Q. As a baseball fan, a baseball lover yourself, what are your thoughts and feelings of what the Nationals have done this year; almost 80 years without a post‑season game and here they are.
CHRIS CARPENTER: Yeah, it's great. Like I said earlier, it's great because they have got a good group of guys over there that really compete hard and compete the way you're supposed to compete. There's no BS. They just come to the park every day to play. That's a reflection of their manager. He's been around a long time and done a lot of great things, and some of the veterans over there that are leading the young kids.
They have got some talent. They have some serious talent. You knew it coming into spring training, everybody was talking about it during the year being a surprise. We weren't surprised about it, I know that. We faced them down there in spring, and you start running that pitching staff out there with those young, aggressive hitters. It's not a surprise to me. And I am excited for the city. They have taken it over well, and we needed to have these guys come out and be consistent and put something together and hopefully they can make a run at the playoffs for a long time.
Q. When you've had big games, how do you avoid being over‑amped when you start overthrowing the ball, and how do you keep the emotions in check?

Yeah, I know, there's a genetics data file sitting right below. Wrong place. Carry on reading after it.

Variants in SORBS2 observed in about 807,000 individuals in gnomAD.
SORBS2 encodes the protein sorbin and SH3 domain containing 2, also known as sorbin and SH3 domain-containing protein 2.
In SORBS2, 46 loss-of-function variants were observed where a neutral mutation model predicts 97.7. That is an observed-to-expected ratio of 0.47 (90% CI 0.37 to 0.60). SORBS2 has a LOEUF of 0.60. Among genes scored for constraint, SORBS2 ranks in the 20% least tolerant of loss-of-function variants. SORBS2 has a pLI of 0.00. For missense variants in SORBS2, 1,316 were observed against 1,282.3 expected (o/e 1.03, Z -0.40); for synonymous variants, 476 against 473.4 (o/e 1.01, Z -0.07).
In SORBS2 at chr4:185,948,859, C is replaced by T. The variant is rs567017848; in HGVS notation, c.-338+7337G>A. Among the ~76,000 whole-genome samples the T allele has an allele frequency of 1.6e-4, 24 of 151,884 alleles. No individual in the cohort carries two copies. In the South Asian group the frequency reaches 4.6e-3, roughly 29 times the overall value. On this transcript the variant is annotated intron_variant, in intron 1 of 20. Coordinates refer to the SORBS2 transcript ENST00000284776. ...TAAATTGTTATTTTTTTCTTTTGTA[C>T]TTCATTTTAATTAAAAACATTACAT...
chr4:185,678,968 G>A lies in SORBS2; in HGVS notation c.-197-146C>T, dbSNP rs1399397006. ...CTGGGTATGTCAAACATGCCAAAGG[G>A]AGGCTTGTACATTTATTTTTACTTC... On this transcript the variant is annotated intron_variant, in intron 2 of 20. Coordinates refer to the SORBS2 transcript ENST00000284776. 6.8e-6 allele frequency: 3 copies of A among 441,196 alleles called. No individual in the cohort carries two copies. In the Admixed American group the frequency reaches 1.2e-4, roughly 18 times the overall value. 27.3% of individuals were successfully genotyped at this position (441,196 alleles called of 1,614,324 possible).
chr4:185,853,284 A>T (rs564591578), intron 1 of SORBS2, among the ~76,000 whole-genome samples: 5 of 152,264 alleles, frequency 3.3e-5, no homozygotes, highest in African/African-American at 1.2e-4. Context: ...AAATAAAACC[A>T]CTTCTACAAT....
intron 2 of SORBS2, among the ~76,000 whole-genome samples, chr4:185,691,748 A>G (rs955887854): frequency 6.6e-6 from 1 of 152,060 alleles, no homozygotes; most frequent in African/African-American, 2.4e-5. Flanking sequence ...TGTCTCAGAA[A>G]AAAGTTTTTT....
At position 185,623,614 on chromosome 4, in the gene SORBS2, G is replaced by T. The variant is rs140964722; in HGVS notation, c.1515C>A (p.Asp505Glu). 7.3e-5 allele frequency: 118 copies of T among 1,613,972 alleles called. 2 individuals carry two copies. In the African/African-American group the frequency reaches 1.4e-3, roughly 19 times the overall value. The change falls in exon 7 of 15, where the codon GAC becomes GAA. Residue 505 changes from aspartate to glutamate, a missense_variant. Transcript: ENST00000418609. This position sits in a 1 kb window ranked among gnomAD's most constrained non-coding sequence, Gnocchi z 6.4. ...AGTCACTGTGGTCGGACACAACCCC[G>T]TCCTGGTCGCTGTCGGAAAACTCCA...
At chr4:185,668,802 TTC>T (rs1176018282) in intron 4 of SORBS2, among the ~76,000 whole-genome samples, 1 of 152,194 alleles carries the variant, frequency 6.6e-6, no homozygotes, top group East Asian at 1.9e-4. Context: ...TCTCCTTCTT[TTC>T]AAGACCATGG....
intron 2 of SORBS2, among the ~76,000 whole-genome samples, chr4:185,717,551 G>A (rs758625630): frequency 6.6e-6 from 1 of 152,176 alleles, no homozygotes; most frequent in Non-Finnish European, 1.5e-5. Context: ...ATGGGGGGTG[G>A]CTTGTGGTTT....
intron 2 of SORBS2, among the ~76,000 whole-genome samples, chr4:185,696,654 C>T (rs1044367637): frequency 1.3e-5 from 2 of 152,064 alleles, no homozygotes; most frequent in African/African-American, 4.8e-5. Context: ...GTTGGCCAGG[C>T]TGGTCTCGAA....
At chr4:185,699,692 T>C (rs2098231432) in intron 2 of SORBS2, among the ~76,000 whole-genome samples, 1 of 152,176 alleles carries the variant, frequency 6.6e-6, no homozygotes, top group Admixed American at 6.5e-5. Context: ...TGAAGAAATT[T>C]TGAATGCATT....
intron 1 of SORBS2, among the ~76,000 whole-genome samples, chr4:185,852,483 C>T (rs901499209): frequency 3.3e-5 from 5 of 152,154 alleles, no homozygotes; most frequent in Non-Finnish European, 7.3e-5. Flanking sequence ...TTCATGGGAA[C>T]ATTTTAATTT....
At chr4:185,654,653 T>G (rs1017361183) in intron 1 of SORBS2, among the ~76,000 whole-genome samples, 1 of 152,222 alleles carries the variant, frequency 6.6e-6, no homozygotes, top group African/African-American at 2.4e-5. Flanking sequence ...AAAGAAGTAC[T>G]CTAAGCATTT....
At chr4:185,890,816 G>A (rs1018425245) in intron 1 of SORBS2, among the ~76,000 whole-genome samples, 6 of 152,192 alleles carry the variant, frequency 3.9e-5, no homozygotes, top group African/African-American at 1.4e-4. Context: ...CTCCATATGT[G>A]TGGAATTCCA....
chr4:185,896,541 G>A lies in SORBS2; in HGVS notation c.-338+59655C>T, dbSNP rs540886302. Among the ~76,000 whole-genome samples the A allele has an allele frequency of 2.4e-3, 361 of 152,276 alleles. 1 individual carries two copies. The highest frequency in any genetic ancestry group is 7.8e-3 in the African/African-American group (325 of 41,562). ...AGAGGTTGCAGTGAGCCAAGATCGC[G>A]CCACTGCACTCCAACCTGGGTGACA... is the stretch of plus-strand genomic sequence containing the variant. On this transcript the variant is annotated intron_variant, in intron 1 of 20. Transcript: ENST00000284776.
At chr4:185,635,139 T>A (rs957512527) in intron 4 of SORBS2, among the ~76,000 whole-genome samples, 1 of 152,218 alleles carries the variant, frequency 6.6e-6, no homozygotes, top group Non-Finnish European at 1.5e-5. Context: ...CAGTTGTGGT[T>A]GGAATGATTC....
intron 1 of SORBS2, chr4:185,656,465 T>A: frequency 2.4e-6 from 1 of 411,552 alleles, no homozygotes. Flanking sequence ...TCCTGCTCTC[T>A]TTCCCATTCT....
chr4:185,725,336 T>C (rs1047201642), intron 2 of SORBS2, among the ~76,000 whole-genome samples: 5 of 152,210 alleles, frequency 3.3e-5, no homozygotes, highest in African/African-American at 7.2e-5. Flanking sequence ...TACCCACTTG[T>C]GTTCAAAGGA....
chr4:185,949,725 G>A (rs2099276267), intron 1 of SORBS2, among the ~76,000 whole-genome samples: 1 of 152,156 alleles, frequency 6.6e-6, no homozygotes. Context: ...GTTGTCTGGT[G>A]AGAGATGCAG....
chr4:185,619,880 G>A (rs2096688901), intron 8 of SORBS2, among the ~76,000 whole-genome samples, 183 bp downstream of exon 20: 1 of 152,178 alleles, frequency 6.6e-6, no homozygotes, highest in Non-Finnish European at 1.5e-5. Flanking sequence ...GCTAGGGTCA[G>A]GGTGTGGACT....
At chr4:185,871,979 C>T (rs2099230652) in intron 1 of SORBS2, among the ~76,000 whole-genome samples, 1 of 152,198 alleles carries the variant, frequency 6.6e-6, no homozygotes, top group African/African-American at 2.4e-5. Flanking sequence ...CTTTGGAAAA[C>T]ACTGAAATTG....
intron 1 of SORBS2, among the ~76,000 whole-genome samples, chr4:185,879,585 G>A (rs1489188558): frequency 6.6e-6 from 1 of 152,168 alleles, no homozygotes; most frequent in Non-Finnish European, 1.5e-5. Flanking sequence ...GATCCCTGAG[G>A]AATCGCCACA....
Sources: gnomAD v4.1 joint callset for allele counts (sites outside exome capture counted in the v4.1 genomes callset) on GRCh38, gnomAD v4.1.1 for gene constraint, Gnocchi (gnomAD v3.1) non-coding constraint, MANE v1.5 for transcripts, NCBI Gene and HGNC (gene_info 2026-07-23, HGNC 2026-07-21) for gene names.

CHRIS CARPENTER: One, it's called experience, and it happens where you're going to get excited. There's no question about it. Like I said, this is what I live for. I woke up this morning; it's the day before and I got that going in my stomach already. I couldn't wait to get here and talk to you guys, do my thing. It's an exciting time.
But you learn how to deal with those distractions. You have family in town, you're leaving tickets and people everywhere. Everything's different. You learn how to deal with it.
Ultimately, this game comes down one thing, and that's executing pitches on my side. If I can make pitches and I do it the right way, I'm going to have success. It's how you deal with getting yourself into that situation, that relaxed state to be able to do that. And it's all mental and you stay out there and you continue to talk to yourself, you continue to make you have the right thoughts in your mind to be able to go out there and execute a pitch, because that's how simple it is. If you can relax and do it, you'll have success most of the time, and the only way you can do that is if you can get yourself in that spot.
RT @barrysvrluga: Frank Robinson spending some pregame time reminiscing with fans about '05, etc. Says when Desmond asked to wear his no ...by AdamKilgoreBG via twitter 10/10/2012 4:14:55 PM
I think it’s a shame that the HoF is so statistically driven (or at least seems to be). If the purpose really is to honor the best of the best, the most successful, the most competitive; then I don’t see how Carpenter doesn’t get voted in. But, because of his injuries I just don’t see him making it, which is a wrong. Of all the people I’ve seen in MLB no one represents those qualities better.